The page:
If you’ve been stopped by the police and that officer suspects that you are driving while intoxicated, at some point he may have the ability to bring you down to the police station to administer the alcohol test. It’s important to understand that in New Jersey, you have absolutely no right to refuse to take the alcohol test. You must submit to it. You also don’t have the right to ask for an attorney prior to taking that test and if you do and then don’t take the test then it would be considered a refusal. It also may be considered a refusal if you do not blow hard enough into the machine for it to take an accurate sample from you. After doing that a number of times, the officer will also charge you with refusal.
Being charged with refusal has serious consequences. For a first offense, you are facing seven to twelve month loss of license plus monetary fines, and you must also install an interlock ignition device in your vehicle and essentially what that is is you cannot start your car until you give a breath sample. For a second violation of a refusal statute, you are facing a two-year loss of license, heavier fines, and again, the interlock ignition device, and for a third offense, you are facing ten years loss of license plus the interlock device plus heavier fines.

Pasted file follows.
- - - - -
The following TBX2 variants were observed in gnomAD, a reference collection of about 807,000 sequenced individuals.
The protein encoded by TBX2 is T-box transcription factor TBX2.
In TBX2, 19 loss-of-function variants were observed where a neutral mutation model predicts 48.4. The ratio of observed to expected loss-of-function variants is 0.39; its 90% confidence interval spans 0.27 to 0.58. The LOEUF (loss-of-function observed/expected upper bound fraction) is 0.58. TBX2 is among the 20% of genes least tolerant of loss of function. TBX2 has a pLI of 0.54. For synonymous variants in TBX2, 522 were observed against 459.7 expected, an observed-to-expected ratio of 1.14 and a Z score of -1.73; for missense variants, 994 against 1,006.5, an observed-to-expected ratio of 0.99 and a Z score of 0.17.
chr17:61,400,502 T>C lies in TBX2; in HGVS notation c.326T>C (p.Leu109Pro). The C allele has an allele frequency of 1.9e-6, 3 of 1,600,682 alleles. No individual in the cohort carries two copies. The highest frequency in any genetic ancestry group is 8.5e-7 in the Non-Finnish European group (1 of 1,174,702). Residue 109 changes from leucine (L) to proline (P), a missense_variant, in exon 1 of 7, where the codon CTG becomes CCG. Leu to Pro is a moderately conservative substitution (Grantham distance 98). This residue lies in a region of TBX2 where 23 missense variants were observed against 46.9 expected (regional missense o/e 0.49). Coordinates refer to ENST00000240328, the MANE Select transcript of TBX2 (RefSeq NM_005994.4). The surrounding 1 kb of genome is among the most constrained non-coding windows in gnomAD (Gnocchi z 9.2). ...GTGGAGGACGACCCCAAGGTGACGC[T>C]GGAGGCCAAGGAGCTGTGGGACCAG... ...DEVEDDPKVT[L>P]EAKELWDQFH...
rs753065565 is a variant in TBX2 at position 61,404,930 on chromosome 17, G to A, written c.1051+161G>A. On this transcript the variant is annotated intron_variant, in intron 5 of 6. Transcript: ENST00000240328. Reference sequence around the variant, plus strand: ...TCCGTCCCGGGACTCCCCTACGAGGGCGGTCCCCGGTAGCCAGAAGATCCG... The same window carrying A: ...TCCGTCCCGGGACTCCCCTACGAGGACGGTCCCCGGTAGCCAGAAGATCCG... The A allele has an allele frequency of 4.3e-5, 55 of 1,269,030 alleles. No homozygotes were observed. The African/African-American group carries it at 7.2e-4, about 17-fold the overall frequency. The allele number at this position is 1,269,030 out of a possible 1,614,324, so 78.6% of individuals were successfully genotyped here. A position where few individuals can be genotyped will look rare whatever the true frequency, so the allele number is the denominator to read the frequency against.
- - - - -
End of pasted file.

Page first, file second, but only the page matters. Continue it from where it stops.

Now what I say when I mean a first, second, or a third offense; well, if you’ve been previously convicted of a DUI and you subsequently get a refusal, that refusal would actually count as a second. It is important that if you are charged with this type of offense that you contact with an attorney who is both experienced in DUI and the refusal law to help with any defenses that you may have.
Certified by the Supreme Court of New Jersey as a criminal trial attorney, Jason A. Volet focuses his practice exclusively on criminal and municipal defense in New Jersey and New York. He earned his B.A. in political science from Rutgers College in 1995 and his J.D. from the Hofstra University School of Law in 1998. Mr. Volet began his career in the Monmouth County Prosecutor’s Office, where he gained extensive experience prosecuting both juvenile and adult offenders. Now, as a criminal defense attorney, he uses that experience to fight for the rights of individuals who have been charged with a crime.